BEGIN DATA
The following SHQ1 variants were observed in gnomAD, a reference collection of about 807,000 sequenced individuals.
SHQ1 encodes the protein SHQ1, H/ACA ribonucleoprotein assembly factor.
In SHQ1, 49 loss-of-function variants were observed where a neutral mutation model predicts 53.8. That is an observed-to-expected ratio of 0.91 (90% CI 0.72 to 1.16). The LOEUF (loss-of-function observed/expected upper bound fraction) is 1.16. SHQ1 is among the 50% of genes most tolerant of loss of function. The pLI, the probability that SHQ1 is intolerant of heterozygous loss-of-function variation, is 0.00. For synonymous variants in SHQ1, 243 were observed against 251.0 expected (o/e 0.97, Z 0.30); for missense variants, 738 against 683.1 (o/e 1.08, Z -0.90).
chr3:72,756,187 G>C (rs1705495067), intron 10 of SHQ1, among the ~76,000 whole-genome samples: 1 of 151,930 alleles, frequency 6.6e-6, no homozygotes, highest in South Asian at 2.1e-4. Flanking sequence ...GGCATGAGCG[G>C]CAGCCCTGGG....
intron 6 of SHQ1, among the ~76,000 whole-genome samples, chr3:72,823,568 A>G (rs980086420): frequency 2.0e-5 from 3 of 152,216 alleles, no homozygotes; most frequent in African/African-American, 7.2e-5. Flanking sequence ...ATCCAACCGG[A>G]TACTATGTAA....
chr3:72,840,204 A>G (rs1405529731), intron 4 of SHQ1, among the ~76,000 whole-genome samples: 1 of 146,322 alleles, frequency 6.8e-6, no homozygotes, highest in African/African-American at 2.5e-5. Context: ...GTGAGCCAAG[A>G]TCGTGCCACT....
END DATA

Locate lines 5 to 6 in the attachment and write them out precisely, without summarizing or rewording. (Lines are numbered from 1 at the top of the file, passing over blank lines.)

intron 6 of SHQ1, among the ~76,000 whole-genome samples, chr3:72,823,568 A>G (rs980086420): frequency 2.0e-5 from 3 of 152,216 alleles, no homozygotes; most frequent in African/African-American, 7.2e-5. Flanking sequence ...ATCCAACCGG[A>G]TACTATGTAA....
chr3:72,840,204 A>G (rs1405529731), intron 4 of SHQ1, among the ~76,000 whole-genome samples: 1 of 146,322 alleles, frequency 6.8e-6, no homozygotes, highest in African/African-American at 2.5e-5. Context: ...GTGAGCCAAG[A>G]TCGTGCCACT....